However despite the legislation and the mounting evidence of the lack of accessible housing there appears to be few opportunities for disabled people to coproduce their housing solutions.

In Darlington, DAD has continued, to tackle the housing issues disabled people face in a range of ways including responding  to the Local Councils Strategic Plan to influence the number of accessible homes included in the plan, ensuring attention is drawn to  the recently published Equality and Human Rights Commission report (opens new window) which clearly demonstrates the impact on disabled people of the lack of accessible housing. The average waiting time, nationally, for an accessible home being 25 months and those waiting for adaptations taking 5 months from application for a Disabled Facilities Grant to be approved.

Unless Councils are working closely with their local disability organisation it must be very difficult to assess the need for accessible housing, as required for the development of the Local Plan.

Volunteers from our Access Interest Group have expertise and knowledge, based on their lived experience that is invaluable to planners. They research evidence of need to support the argument for more accessible housing.  They comment on every planning application for new homes in the area, raising access issues.  Often we are called on by the local authority to advise on improvements, or where things have gone badly wrong, such as a recent example on a local housing development where clearly the lack of pavements meant that the homes did not meet the minimum requirements for new developments as several had steps up to the front doors. There seemed no justifiable reason as the land was fairly level.  It transpired that someone thought ‘that it looked better for the development’! The reason for having a step free access was lost throughout the building process.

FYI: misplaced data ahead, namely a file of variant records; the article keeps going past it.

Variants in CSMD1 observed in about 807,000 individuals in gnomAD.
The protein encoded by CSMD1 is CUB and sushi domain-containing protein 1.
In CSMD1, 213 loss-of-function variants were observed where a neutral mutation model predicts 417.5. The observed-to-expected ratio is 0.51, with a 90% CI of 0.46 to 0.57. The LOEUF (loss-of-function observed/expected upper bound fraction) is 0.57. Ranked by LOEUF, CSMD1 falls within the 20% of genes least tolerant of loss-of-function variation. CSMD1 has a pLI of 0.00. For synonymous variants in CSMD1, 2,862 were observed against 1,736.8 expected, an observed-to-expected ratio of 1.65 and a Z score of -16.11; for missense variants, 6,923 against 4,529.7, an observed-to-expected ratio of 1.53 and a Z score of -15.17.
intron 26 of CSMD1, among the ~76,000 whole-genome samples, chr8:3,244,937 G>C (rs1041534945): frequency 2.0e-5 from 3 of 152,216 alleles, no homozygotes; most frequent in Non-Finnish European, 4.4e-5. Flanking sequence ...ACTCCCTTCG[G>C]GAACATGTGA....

Legislation will only achieve so much, it takes everyone involved to fully understand what the legislation is there to accomplish. A willingness to build homes that are accessible is needed and this willingness needs to come from everyone from architects, planners, builders and highway departments to the actual site operatives. 

Fully wheelchair accessible homes are desperately needed however a large obstacle has been placed in the way of disabled people getting a home where they can live independently. This is the requirement for accessible housing to be subject to viability testing where need can be demonstrated. Without robust evidence developers, public and private, will not invest.

DPULO’s are the organisations that are in a position, with the right resources, to assist local authorities and other agencies, demonstrate that need.  Their knowledge and expertise is vital to be included in the first conversations around planning and development to ensure that independent living is a reality for many more disabled people.

However, perhaps there is an alternative to gain the choice and control that Claire and other activists had 30 years ago. Community Led Housing is enabling individuals and communities of all ages to join together, take the lead and build the type of homes that local people need and want. As highlighted in #ForAccessibleHomes week this month, this may be one way forward for disabled people to create their own accessible homes.